Part II: LEARNING ACTIVITY 1

          1. Distribute the Life in the Jim Crow South Student Organizer. Ask students to work in the groups they formed in the previous activity.
          2. Assign each group to view one of the following segments from Finding Your Roots:

        A look at life under Jim Crow in Piedmont, WV during Henry Louis Gates, Jr.’s childhood and in Chattanooga, TN during Samuel L. Jackson’s childhood.

        A look at life under Jim Crow in Birmingham, ALduring Condoleezza Rice’s childhood.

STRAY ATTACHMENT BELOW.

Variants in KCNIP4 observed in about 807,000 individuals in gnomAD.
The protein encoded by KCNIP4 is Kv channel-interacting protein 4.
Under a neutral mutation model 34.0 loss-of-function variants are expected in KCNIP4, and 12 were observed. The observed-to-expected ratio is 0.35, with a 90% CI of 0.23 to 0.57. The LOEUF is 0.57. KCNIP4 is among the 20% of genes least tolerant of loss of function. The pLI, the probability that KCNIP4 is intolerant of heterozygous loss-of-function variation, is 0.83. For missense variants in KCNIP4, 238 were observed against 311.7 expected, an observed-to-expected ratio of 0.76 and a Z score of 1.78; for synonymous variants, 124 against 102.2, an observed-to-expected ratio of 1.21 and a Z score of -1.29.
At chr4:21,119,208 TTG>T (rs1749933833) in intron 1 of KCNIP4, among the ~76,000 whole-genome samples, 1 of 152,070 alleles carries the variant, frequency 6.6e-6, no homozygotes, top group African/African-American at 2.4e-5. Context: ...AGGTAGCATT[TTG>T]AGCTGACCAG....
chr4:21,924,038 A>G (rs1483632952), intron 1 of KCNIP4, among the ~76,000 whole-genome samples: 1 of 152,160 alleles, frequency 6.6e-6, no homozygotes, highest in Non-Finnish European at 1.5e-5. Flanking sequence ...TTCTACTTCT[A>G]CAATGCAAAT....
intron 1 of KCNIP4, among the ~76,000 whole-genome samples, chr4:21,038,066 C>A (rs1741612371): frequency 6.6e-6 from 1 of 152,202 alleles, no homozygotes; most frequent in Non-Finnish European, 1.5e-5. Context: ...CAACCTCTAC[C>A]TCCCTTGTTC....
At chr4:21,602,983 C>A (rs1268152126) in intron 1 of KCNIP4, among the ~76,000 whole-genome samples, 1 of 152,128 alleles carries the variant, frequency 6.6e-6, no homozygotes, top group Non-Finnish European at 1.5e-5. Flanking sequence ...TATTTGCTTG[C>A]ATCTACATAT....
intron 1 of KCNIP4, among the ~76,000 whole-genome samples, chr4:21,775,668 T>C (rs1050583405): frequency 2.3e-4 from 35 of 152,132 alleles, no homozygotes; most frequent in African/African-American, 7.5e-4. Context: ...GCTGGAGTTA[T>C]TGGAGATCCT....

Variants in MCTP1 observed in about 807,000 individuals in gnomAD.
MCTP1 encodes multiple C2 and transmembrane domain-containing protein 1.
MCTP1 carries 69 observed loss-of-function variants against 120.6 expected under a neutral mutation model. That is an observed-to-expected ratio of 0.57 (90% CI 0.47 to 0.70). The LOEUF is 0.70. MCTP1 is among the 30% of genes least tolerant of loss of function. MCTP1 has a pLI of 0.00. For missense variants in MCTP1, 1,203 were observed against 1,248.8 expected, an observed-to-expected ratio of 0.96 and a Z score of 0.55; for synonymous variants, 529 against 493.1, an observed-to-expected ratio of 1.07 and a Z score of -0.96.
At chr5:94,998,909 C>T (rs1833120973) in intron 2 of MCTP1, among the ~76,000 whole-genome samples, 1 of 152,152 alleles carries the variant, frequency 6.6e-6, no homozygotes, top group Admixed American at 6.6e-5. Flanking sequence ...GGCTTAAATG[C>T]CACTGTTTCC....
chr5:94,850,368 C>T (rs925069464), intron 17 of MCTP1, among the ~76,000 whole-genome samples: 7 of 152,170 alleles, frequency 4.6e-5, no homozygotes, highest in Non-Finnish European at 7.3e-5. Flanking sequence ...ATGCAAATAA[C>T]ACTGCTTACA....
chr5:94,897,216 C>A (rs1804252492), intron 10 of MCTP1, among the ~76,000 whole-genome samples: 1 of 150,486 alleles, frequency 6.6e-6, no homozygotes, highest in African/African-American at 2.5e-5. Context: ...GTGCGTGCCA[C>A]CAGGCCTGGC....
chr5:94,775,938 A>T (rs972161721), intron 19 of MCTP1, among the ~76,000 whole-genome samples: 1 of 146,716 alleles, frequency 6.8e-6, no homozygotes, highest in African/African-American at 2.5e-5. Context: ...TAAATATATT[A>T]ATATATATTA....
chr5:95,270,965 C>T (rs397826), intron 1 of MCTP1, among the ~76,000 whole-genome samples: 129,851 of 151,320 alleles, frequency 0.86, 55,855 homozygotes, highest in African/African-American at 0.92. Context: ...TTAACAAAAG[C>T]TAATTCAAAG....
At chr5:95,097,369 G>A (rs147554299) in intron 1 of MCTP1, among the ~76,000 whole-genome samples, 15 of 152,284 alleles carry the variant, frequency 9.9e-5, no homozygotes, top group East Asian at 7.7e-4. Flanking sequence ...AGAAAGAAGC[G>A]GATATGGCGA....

A look at life under Jim Crow in Grapeland, TXduring Ruth Simmons’s childhood.

        Note: If you do not have multiple computers, this activity could also be conducted by having the entire class view all of the segments and record their information in their organizers while viewing each one.

          1. Ask each group to view its assigned video segment and record information from the segment (including information about the city/state featured and how the laws affected the featured guest) in the Life in the Jim Crow South Student Organizer.
          2. Once all groups have viewed their assigned segments, ask each group to share its information with the rest of the class. As each group presents, instruct the other groups to record the new information in their student organizers.